The mighty oak, California’s signature tree, is being helped by the severe drought the state is experiencing, which is slowing down the spread of sudden oak disease. The number of contagious spores that have killed hundreds of thousands of oak trees has been drastically reduced by the dry conditions.
Surveys taken between April 4 and June 5 of this year show an infection rate of between 2 and 10 percent of bay laurel trees, compared with 20 to 80 percent during a normal year when rainfall is abundant. Pinpointing infected bay laurels is the key to fighting the pathogen, because bays are a waylay point for the microbes before they do their dirty work on oaks.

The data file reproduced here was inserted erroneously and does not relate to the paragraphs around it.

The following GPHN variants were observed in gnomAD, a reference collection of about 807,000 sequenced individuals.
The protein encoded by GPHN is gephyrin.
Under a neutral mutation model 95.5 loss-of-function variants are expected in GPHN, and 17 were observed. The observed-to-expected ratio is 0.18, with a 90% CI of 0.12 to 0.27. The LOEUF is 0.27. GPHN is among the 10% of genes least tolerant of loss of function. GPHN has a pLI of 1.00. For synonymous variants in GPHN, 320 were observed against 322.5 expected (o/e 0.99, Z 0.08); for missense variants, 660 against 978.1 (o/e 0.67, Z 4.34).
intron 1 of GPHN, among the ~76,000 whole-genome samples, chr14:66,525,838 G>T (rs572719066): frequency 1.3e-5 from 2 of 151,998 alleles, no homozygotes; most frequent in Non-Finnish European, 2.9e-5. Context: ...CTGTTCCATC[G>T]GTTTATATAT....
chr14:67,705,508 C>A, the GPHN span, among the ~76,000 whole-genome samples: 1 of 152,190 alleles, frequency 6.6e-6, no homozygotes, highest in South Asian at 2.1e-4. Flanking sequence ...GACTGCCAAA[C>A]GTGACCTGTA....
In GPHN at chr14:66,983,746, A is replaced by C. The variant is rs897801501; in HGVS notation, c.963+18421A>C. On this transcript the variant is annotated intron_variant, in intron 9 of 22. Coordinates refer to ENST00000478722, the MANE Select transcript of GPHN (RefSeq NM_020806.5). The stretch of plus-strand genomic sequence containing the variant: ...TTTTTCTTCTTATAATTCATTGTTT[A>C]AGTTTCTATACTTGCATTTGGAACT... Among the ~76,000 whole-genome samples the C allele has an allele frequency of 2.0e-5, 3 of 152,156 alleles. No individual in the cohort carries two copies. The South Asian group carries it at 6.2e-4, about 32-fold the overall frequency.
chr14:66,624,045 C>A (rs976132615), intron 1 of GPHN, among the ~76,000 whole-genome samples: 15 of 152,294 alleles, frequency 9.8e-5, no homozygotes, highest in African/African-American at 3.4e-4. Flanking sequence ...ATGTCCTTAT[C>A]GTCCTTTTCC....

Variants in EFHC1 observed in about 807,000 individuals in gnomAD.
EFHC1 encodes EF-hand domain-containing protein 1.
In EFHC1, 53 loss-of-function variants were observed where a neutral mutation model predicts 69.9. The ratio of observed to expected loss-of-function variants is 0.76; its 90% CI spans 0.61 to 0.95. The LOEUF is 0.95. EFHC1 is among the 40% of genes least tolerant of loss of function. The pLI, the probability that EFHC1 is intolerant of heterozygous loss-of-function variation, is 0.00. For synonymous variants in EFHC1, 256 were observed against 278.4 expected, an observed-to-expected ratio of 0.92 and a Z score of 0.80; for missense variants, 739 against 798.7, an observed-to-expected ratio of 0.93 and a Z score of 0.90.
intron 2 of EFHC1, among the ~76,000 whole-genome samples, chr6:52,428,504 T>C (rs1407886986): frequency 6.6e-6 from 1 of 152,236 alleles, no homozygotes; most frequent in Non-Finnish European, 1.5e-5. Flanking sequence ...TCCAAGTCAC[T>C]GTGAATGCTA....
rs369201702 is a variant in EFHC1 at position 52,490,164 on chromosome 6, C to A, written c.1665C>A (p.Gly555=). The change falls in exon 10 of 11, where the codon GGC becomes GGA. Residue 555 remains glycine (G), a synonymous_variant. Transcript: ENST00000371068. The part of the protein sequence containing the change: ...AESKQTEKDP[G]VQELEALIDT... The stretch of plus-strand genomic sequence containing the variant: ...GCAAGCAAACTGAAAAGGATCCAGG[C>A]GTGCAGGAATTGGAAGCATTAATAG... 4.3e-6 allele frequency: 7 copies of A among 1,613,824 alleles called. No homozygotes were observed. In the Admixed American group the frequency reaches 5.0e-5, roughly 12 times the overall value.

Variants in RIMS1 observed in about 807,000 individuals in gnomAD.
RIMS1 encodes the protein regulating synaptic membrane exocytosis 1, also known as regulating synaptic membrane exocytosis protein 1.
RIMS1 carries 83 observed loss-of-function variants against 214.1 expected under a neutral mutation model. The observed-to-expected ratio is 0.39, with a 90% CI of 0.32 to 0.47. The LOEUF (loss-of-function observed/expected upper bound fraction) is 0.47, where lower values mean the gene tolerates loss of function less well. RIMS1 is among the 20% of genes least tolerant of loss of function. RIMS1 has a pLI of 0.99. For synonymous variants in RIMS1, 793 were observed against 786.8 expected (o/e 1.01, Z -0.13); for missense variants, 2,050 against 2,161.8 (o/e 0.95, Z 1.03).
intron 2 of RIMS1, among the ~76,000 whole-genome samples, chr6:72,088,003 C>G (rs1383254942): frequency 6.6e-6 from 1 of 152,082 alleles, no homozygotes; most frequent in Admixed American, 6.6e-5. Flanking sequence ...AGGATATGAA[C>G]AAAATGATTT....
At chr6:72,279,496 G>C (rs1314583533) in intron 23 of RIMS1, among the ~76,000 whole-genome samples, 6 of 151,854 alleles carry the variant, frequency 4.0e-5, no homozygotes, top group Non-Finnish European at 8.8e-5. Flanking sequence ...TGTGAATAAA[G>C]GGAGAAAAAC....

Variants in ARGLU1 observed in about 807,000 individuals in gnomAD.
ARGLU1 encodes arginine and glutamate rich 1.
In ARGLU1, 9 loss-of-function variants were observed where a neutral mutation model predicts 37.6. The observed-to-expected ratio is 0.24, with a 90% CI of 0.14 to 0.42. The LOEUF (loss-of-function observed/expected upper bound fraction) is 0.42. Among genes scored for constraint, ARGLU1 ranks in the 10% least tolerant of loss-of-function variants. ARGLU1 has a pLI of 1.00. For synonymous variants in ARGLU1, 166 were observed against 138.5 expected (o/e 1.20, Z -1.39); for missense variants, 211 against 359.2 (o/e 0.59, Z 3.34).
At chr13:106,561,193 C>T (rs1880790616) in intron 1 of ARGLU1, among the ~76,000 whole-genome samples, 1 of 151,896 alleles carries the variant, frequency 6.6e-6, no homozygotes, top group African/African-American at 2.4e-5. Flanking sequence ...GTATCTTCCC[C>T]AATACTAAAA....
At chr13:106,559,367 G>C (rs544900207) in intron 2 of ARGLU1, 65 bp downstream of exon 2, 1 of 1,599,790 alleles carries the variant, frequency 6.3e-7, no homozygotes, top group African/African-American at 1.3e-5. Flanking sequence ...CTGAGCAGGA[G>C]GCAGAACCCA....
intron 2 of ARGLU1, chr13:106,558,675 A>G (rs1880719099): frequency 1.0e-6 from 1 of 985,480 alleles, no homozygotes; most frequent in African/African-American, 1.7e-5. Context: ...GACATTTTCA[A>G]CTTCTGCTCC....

California bay laurels are the vectors for this disease, storing up the spores on their leaves and spreading them in the winds to nearby oak trees. The drought is allowing scientists time to battle the microscopic pathogen.